CITY HALL – Legislation calling for an election on whether to drop the city’s residency requirement for employment appears headed for passage by the Board of Aldermen.
In the first of two votes, the board voted 15-12 on Wednesday to approve of the measure calling for a vote on the issue in the Nov. 3, 2020, election. Unless several aldermen change their minds, the measure is likely to pass in the second vote, on July 12.
Proponents said the residency requirement was hurting the city’s ability to hire workers. Opponents said that there were ways to attract more workers and that employees from outside the city would spend their money elsewhere.
In debate at Wednesday’s meeting, 16th Ward Alderman Tom Oldenburg said he didn’t think there would be an exodus out of the city if the bill passed. He estimated that about a quarter of city residents lived in his ward and added that he didn’t think people would say, “Oh, now, we can leave the city.”
Oldenburg said that residency requirements were initiated around the turn of the 20th century as a way to exercise political power. Big cities such as Milwaukee and Detroit have gotten rid of the rules because they haven’t been able to find enough workers within their city lines, he said.
Fifteenth Ward Alderwoman Megan Green said that one reason why the city wasn’t getting more applicants was the lack of raises for employees.
“We have to do better in recruiting and retaining people for jobs in the city,” 21st Ward Alderman John Collins-Muhammad said.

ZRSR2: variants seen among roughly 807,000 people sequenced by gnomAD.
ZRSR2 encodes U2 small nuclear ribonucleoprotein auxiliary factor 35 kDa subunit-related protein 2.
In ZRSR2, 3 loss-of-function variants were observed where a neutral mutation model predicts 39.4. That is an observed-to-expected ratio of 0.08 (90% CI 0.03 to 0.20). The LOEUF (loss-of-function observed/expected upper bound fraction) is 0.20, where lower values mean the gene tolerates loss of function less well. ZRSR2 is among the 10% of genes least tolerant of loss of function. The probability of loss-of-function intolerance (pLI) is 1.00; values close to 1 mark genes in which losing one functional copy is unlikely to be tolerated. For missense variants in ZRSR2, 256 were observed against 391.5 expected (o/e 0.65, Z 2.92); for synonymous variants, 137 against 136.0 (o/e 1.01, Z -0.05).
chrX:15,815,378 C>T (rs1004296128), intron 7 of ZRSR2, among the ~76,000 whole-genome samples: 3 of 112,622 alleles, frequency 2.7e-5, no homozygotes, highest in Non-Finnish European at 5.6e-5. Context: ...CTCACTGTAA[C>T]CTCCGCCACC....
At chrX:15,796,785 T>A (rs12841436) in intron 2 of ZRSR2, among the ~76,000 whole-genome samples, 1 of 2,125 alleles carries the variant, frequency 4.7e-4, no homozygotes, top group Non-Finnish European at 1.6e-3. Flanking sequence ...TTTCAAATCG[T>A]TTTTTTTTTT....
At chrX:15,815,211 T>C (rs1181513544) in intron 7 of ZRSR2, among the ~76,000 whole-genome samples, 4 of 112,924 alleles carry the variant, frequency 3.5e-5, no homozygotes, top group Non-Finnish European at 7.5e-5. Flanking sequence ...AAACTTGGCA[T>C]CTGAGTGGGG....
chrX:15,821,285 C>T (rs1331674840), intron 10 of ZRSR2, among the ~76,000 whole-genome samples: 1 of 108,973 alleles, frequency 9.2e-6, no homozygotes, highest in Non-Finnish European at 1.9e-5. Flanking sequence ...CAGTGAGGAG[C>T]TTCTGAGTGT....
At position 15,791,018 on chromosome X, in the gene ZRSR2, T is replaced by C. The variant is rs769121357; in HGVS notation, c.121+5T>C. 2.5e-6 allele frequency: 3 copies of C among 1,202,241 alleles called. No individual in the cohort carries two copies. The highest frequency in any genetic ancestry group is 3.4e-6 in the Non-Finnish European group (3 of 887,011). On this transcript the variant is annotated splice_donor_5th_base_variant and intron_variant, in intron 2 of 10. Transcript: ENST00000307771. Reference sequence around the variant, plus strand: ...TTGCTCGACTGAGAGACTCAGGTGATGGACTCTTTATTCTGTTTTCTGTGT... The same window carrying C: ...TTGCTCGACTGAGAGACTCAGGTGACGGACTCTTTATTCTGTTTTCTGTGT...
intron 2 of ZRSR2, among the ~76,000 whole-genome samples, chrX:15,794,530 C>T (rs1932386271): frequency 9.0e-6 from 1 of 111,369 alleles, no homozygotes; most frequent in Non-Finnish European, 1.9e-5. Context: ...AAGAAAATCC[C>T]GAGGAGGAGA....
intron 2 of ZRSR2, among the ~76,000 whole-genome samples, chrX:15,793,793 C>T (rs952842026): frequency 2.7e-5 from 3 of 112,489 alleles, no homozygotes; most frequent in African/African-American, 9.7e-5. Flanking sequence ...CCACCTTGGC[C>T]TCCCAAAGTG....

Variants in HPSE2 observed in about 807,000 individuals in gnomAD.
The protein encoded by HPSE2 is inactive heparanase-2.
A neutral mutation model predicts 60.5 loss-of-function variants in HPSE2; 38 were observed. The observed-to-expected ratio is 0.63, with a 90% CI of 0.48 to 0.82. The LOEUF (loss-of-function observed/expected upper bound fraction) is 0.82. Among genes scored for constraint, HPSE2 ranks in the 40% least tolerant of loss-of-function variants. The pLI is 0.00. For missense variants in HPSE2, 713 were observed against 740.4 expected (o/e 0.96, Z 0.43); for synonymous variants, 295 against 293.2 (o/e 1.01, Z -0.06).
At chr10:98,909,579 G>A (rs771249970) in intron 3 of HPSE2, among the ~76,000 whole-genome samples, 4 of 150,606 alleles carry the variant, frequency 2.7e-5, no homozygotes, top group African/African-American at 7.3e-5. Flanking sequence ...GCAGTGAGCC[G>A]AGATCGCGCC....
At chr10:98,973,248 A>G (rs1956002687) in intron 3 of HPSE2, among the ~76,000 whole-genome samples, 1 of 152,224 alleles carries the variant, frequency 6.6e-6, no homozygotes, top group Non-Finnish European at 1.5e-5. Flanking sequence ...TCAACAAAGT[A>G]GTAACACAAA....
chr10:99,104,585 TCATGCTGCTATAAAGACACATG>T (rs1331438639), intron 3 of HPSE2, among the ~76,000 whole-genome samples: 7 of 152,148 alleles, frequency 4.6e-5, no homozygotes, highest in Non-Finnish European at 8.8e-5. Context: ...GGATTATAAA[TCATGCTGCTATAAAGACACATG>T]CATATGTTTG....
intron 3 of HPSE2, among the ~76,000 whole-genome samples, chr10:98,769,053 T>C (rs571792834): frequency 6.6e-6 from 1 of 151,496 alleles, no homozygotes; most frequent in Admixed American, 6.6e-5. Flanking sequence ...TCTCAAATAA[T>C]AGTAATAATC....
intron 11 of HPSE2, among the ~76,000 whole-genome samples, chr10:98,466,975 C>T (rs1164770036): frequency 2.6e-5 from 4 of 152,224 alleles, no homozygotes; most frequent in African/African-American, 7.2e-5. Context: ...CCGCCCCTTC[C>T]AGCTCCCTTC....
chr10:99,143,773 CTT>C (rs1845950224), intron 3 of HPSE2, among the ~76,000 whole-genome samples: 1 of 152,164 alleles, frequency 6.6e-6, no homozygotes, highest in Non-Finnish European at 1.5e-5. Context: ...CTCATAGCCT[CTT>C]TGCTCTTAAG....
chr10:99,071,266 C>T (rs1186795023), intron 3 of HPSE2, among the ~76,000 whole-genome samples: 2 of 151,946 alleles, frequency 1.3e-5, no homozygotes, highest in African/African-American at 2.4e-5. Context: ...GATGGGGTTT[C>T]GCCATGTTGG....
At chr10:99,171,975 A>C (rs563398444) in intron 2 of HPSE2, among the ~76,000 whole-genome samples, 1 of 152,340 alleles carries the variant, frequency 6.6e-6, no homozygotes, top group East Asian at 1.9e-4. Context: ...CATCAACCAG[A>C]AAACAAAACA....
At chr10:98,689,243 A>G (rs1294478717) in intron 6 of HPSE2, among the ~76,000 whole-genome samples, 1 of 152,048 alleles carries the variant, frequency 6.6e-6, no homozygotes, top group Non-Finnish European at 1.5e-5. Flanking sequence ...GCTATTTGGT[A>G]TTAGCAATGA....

Twenty-Fourth Ward Alderman Bret Narayan said an alderman could back a public vote and then recommend they vote no at the polls.
“We have plenty of people who will qualify in the city of St. Louis,” 18th Ward Alderman Jesse Todd said, speaking for keeping the residency requirement.
The legislation introduced by 14th Ward Alderwoman Carol Howard calls for an election to change the City Charter to lift that condition of employment for all but agency and department directors. A 60 percent majority would be required for passage.
The city charter now says that all full-time city workers and officers must live in the city within 120 days of when they were hired. Full-time civil service workers must live within the city within 120 days after the end of a working trial period.
Howard’s amendment changes the wording to say that only city agency and department directors appointed by the mayor must live in the city within 120 days after they’re hired or appointed.
City officials ranging from Mayor Lyda Krewson to Public Safety Director Jimmie Edwards to Personnel Director have said numerous positions are staying vacant because they can’t get enough workers.
In a separate matter at Wednesday’s meeting, the board gave initial approval to a bill establishing a Criminal Justice Coordinating Council made up of the city, the Sheriff, the Twenty-Second Judicial Circuit Court, the Circuit Attorney, the Missouri State Public Defender and the Director of the Missouri Department of Corrections.
The 18-member council would push for reform and improve administration of criminal and juvenile justice through communications, planning, data collection and analysis.
The bill encountered opposition from aldermen who said it didn’t include the required statement of the financial effect of possibly hiring two staff people. The statement was provided later in the debate. There was also concern that the council’s membership made it biased toward the prosecution.